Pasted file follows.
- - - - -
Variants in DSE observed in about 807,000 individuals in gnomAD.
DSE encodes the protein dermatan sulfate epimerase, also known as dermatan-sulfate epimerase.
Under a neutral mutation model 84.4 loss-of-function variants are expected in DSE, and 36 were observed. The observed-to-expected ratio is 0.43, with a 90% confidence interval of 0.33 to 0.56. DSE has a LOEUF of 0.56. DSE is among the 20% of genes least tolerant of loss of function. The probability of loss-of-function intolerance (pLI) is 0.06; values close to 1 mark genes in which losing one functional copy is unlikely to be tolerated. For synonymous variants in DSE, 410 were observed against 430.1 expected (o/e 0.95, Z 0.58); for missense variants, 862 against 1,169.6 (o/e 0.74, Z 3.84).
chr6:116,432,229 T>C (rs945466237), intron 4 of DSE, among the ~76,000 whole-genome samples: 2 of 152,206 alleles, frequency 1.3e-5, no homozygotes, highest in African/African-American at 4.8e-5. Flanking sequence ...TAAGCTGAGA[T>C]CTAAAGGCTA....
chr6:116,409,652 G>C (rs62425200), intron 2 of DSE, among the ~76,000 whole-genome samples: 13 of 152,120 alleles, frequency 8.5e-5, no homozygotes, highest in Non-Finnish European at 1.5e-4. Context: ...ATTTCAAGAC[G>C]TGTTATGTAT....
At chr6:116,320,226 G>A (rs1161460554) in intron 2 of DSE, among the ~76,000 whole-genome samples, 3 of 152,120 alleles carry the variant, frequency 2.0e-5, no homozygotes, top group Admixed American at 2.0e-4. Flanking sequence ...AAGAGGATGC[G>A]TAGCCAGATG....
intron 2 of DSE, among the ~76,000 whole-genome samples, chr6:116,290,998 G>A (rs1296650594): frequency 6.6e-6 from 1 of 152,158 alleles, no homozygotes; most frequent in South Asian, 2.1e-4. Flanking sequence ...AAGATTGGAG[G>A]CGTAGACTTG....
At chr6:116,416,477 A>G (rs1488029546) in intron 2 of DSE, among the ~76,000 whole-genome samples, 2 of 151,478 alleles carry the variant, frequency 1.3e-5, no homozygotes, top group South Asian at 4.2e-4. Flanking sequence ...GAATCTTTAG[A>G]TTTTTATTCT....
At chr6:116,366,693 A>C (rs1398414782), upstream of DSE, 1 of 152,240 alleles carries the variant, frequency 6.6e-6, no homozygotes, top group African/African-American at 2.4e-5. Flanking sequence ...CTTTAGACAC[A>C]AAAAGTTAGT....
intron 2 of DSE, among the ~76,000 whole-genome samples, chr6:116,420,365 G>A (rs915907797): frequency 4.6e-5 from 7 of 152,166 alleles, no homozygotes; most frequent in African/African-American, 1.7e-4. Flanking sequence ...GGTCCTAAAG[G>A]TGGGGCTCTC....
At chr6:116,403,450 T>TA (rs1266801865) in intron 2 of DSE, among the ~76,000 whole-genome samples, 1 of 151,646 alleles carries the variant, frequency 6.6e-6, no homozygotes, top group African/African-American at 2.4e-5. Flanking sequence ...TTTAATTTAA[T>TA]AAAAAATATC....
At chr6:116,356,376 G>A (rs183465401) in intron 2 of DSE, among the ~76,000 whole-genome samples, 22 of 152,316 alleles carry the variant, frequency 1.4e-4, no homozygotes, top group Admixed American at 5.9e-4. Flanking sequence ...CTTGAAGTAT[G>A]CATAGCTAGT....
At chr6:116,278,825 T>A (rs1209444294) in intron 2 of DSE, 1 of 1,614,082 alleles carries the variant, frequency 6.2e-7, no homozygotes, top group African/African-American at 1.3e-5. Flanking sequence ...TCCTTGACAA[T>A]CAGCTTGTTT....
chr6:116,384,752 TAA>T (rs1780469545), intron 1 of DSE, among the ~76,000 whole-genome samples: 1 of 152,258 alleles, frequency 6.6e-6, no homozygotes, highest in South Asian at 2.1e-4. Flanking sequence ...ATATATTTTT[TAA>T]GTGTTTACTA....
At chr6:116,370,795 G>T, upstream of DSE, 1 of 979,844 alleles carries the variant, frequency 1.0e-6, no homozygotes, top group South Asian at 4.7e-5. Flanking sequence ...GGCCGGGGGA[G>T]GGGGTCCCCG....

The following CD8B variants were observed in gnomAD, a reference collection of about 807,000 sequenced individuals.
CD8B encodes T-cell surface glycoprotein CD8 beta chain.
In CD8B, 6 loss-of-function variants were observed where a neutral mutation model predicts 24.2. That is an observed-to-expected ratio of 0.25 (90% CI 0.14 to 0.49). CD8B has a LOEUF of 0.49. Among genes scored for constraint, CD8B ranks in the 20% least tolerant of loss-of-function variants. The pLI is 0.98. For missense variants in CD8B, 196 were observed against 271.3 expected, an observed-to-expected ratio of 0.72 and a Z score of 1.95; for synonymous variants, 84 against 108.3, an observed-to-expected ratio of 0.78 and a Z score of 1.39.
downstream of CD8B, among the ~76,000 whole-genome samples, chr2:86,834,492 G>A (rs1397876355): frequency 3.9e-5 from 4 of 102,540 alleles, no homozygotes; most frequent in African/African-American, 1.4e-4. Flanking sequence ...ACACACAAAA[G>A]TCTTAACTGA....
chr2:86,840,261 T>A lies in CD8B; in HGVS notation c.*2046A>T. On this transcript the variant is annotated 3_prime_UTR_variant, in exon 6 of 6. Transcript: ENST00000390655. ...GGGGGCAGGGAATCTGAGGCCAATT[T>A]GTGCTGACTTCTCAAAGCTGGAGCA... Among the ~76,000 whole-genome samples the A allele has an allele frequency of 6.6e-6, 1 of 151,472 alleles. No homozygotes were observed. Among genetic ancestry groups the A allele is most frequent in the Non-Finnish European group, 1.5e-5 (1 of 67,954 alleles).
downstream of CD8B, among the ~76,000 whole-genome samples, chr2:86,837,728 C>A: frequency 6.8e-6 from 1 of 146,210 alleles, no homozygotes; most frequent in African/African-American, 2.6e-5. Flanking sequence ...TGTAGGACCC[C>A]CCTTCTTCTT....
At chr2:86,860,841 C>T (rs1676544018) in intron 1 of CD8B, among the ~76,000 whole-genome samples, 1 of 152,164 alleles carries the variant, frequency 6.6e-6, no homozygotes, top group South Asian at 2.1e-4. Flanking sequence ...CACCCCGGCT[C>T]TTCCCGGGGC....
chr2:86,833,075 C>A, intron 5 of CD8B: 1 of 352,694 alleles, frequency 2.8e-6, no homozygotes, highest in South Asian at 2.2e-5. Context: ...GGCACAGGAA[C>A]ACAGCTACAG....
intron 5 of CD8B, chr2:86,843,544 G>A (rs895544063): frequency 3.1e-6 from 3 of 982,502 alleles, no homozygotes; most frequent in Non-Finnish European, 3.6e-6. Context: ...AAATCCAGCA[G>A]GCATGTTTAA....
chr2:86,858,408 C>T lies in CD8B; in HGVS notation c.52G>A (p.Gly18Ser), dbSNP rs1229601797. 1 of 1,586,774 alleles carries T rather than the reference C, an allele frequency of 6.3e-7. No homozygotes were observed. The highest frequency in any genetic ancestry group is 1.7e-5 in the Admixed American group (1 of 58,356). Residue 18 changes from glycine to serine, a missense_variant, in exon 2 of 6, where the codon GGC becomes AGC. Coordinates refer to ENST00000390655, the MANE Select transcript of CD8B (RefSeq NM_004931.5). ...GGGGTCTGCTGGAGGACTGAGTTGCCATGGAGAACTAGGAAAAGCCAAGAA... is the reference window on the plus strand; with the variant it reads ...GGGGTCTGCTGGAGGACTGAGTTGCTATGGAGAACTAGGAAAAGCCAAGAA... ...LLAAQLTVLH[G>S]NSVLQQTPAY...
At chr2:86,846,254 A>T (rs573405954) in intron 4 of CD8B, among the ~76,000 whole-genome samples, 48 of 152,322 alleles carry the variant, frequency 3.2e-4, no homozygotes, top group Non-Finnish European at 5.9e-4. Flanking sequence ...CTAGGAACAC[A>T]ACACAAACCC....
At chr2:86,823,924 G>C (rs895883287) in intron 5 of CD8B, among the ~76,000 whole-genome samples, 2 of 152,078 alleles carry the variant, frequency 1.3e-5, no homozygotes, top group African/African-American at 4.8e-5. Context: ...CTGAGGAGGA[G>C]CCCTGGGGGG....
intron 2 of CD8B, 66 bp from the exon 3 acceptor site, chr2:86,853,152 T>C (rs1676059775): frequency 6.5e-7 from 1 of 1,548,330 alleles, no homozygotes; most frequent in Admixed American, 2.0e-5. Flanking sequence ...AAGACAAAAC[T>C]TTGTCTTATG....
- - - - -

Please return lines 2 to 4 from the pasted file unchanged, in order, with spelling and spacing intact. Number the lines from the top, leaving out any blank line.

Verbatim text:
DSE encodes the protein dermatan sulfate epimerase, also known as dermatan-sulfate epimerase.
Under a neutral mutation model 84.4 loss-of-function variants are expected in DSE, and 36 were observed. The observed-to-expected ratio is 0.43, with a 90% confidence interval of 0.33 to 0.56. DSE has a LOEUF of 0.56. DSE is among the 20% of genes least tolerant of loss of function. The probability of loss-of-function intolerance (pLI) is 0.06; values close to 1 mark genes in which losing one functional copy is unlikely to be tolerated. For synonymous variants in DSE, 410 were observed against 430.1 expected (o/e 0.95, Z 0.58); for missense variants, 862 against 1,169.6 (o/e 0.74, Z 3.84).
chr6:116,432,229 T>C (rs945466237), intron 4 of DSE, among the ~76,000 whole-genome samples: 2 of 152,206 alleles, frequency 1.3e-5, no homozygotes, highest in African/African-American at 4.8e-5. Flanking sequence ...TAAGCTGAGA[T>C]CTAAAGGCTA....